p2pnet news view | Products:- We’ve been Googled!” – says Chang-Won Kim joyously.
That’s not because he’s suddenly found his site, Web 2.0 Asia, has been indexed.
It’s because it’s been bought.
Hi, my name is Chang,” he posted last year, going on:
“(Just for the record, my full name in Korean is Chang-Won Kim.) I’ve been writing this blog since early 2006, mostly as a personal project. The primary goal of this blog is to let people outside of Korea know what’s happening around the Korean IT/web industry, and other interesting web-related things happening in Korea. I was also in Japan for quite a while, on a long onsite project (hence the name of this blog, Web 2.0 Asia, instead of Web 2.0 Korea), but honestly I’m mostly based in Korea for now and therefore most of my stories pertain to the Korean market.”
But today, they say “All good things come in threes’,” he says, continuing
“Firstly, Sara and I had our first baby son, Issac, who is our biggest blessing [congratulations ]. Secondly, Open Web Asia ’08, the premier web conference that I started as a personal project but has since been a great community effort of more than a dozen web professionals, is looking more and more like a hit conference with about 20 top-notch speakers. (Register away!)
“And, to borrow Steve Jobs’s patent line from his keynote, there’s “one last thing” – our company was acquired by Google.”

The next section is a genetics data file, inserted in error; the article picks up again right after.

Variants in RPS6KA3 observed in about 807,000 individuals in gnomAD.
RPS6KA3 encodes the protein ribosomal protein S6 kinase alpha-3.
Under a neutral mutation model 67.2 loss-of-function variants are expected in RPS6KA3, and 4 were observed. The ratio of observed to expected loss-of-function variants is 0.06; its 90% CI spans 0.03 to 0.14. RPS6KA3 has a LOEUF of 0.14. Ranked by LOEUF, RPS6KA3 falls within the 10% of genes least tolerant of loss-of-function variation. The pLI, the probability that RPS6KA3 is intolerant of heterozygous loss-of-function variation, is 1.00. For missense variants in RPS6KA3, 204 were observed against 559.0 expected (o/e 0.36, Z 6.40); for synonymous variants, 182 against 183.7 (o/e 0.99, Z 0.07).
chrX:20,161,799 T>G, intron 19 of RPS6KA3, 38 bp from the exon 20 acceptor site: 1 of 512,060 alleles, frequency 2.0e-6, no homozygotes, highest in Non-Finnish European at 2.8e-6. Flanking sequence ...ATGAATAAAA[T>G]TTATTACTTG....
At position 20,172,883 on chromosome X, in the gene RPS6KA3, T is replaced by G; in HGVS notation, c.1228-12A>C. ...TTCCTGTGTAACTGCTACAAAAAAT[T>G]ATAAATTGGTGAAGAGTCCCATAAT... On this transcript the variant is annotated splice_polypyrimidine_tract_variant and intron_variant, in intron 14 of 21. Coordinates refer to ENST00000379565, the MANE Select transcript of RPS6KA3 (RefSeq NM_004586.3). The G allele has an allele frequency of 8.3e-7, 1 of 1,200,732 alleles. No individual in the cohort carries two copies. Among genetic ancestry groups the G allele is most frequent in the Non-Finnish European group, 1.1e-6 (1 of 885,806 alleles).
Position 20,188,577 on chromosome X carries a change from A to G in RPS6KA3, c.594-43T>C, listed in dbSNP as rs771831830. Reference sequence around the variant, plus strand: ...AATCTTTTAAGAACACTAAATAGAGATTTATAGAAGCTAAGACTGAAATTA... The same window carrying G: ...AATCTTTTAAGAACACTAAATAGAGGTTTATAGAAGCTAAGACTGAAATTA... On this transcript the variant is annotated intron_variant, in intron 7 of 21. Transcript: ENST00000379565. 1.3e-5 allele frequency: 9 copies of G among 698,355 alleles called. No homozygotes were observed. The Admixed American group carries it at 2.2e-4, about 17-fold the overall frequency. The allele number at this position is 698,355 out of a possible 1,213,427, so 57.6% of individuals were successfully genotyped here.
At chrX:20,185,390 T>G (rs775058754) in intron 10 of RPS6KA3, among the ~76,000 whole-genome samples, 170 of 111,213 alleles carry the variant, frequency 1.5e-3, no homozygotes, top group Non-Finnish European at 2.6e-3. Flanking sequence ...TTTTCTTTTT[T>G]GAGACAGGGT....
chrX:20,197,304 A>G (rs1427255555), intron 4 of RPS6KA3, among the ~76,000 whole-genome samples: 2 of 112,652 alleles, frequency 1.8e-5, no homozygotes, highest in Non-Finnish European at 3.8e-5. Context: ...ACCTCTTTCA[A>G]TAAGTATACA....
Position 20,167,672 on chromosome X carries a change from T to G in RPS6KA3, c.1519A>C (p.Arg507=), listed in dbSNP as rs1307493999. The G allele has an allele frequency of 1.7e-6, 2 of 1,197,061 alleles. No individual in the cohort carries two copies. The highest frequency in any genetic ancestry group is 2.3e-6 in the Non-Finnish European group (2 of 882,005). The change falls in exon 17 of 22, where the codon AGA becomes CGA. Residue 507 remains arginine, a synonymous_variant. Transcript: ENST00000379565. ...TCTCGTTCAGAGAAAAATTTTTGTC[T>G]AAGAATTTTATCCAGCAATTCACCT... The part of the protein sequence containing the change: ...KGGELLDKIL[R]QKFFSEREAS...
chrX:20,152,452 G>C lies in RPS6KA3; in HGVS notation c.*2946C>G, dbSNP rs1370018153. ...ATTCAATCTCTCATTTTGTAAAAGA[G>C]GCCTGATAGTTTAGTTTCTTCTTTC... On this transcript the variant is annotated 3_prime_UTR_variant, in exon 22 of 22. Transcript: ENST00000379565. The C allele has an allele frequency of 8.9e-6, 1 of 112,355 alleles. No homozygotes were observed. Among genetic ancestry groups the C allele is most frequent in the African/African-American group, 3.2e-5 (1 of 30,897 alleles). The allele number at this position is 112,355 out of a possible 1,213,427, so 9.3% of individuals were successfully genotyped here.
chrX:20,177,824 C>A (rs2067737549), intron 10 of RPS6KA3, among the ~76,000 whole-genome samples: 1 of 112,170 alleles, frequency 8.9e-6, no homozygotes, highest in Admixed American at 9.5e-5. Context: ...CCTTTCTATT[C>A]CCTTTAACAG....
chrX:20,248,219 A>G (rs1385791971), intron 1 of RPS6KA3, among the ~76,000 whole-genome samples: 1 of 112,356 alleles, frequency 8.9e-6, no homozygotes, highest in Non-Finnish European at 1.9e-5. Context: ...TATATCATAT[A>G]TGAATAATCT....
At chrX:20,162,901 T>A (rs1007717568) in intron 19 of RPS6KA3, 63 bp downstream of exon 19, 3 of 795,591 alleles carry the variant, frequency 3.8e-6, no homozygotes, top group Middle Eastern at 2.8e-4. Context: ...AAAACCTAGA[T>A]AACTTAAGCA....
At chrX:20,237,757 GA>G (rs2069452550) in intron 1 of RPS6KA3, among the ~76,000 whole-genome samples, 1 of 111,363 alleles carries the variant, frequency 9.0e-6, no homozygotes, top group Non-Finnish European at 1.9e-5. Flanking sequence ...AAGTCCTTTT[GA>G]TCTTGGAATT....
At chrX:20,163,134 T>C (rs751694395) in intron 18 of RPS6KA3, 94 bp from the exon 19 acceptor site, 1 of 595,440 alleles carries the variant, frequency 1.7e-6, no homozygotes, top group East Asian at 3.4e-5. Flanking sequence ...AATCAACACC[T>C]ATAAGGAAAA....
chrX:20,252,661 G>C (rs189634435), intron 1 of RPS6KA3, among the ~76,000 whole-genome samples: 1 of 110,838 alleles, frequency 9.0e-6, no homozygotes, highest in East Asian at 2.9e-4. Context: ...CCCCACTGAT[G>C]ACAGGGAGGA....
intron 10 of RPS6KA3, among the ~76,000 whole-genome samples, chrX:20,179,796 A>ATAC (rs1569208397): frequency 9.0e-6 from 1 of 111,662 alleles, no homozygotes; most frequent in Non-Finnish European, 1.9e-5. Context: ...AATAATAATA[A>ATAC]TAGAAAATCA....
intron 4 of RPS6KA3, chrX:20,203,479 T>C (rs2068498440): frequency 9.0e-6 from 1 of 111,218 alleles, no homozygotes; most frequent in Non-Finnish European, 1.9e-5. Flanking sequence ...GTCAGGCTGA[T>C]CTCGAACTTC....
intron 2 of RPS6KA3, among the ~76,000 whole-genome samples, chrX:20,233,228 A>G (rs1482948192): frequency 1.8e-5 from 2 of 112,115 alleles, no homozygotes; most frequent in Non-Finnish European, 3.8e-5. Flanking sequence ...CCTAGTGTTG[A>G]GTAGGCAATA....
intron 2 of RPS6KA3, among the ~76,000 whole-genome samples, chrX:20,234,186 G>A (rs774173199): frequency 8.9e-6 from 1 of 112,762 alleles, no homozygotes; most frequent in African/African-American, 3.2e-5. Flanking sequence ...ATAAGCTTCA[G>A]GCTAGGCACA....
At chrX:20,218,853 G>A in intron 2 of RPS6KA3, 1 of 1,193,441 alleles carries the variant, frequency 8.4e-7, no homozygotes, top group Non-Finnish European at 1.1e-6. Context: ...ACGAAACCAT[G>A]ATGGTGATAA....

He explains »»»
TNC (full name Tatter and Company), Korea’s blog specialty company which I’ve been running as a CEO with my partner Chester (who is the original founder of the company), was acquired by Google Korea on 9/12/2008. For those who are not familiar with us, think of TNC as Korea’s Automattic – a company that develops a cool blogging platform that’s favorited by the nation’s A-list bloggers, and also works closely with the open source community.
Despite the danger of sounding too self-important, I would say our company was a fairly good acquisition target for Google. First, we had a killer product: Our previous work, Tistory blog service (now property of Daum as we sold the service to the Korea’s #2 portal), made to the top 10 Korean web destination in less than a year from launch, showing some 30,000% growth over the initial 8 months. While other blog services seem to be exploringthe idea of integrating social networks with blogs only lately, our new blog service Textcube (link in Korean) had already implemented the feature much earlier. Secondly, we have great engineering talents. Many of our software engineers hail from the nation’s leading comp sci programs, such as KAIST.
What’s in it for Google?
“We will commit ourselves to increasing Google’s market share in Korea,” says Chang, stating:
“Of course, Google isn’t entitled with God-given right to become #1 in every region it operates in, just because it’s Google. [That'll be news to Google. ]
“I think the Korean web industry needs a player that can, as a balancing force, provide more options to the users and help create a more open web,” he says. “Well, who can be that player? How about giving a chance to a company that sincerely strives to be ‘not evil’ despite its sheer bigness?”
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